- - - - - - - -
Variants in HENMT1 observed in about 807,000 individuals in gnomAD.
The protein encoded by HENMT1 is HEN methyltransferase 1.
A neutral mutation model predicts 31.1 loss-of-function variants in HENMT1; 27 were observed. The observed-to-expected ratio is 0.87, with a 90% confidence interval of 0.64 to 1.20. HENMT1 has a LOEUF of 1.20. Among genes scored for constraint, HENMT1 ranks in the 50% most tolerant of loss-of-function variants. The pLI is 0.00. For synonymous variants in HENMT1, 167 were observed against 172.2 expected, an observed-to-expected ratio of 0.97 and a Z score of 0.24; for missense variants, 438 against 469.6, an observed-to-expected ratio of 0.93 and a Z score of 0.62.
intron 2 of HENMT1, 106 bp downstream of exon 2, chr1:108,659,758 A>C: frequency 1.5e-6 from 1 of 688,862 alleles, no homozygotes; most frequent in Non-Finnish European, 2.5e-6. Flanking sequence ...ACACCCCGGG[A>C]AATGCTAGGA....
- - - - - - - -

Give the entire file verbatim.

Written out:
Variants in HENMT1 observed in about 807,000 individuals in gnomAD.
The protein encoded by HENMT1 is HEN methyltransferase 1.
A neutral mutation model predicts 31.1 loss-of-function variants in HENMT1; 27 were observed. The observed-to-expected ratio is 0.87, with a 90% confidence interval of 0.64 to 1.20. HENMT1 has a LOEUF of 1.20. Among genes scored for constraint, HENMT1 ranks in the 50% most tolerant of loss-of-function variants. The pLI is 0.00. For synonymous variants in HENMT1, 167 were observed against 172.2 expected, an observed-to-expected ratio of 0.97 and a Z score of 0.24; for missense variants, 438 against 469.6, an observed-to-expected ratio of 0.93 and a Z score of 0.62.
intron 2 of HENMT1, 106 bp downstream of exon 2, chr1:108,659,758 A>C: frequency 1.5e-6 from 1 of 688,862 alleles, no homozygotes; most frequent in Non-Finnish European, 2.5e-6. Flanking sequence ...ACACCCCGGG[A>C]AATGCTAGGA....